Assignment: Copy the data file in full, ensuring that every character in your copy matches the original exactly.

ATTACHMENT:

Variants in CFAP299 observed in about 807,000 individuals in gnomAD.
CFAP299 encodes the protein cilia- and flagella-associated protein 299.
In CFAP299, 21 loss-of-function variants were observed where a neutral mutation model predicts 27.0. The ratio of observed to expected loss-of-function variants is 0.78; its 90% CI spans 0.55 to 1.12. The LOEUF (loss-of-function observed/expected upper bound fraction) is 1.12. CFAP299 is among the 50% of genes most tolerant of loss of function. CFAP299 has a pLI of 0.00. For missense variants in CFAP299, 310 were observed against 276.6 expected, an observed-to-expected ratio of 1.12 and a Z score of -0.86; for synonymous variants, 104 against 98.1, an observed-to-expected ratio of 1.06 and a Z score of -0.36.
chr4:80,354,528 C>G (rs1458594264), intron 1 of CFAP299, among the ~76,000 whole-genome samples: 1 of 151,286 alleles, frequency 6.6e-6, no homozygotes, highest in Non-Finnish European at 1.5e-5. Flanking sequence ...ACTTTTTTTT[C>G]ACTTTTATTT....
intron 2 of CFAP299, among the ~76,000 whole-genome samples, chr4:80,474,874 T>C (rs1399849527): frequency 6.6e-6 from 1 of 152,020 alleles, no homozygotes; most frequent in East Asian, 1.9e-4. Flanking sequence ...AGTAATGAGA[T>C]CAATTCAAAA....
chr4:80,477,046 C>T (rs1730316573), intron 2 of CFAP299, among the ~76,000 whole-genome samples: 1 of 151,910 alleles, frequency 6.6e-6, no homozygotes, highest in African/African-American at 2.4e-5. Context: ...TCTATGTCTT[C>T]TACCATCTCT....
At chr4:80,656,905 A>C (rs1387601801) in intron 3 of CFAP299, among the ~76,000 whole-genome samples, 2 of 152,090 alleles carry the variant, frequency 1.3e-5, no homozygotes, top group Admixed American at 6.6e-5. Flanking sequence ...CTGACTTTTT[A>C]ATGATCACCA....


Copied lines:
Variants in CFAP299 observed in about 807,000 individuals in gnomAD.
CFAP299 encodes the protein cilia- and flagella-associated protein 299.
In CFAP299, 21 loss-of-function variants were observed where a neutral mutation model predicts 27.0. The ratio of observed to expected loss-of-function variants is 0.78; its 90% CI spans 0.55 to 1.12. The LOEUF (loss-of-function observed/expected upper bound fraction) is 1.12. CFAP299 is among the 50% of genes most tolerant of loss of function. CFAP299 has a pLI of 0.00. For missense variants in CFAP299, 310 were observed against 276.6 expected, an observed-to-expected ratio of 1.12 and a Z score of -0.86; for synonymous variants, 104 against 98.1, an observed-to-expected ratio of 1.06 and a Z score of -0.36.
chr4:80,354,528 C>G (rs1458594264), intron 1 of CFAP299, among the ~76,000 whole-genome samples: 1 of 151,286 alleles, frequency 6.6e-6, no homozygotes, highest in Non-Finnish European at 1.5e-5. Flanking sequence ...ACTTTTTTTT[C>G]ACTTTTATTT....
intron 2 of CFAP299, among the ~76,000 whole-genome samples, chr4:80,474,874 T>C (rs1399849527): frequency 6.6e-6 from 1 of 152,020 alleles, no homozygotes; most frequent in East Asian, 1.9e-4. Flanking sequence ...AGTAATGAGA[T>C]CAATTCAAAA....
chr4:80,477,046 C>T (rs1730316573), intron 2 of CFAP299, among the ~76,000 whole-genome samples: 1 of 151,910 alleles, frequency 6.6e-6, no homozygotes, highest in African/African-American at 2.4e-5. Context: ...TCTATGTCTT[C>T]TACCATCTCT....
At chr4:80,656,905 A>C (rs1387601801) in intron 3 of CFAP299, among the ~76,000 whole-genome samples, 2 of 152,090 alleles carry the variant, frequency 1.3e-5, no homozygotes, top group Admixed American at 6.6e-5. Flanking sequence ...CTGACTTTTT[A>C]ATGATCACCA....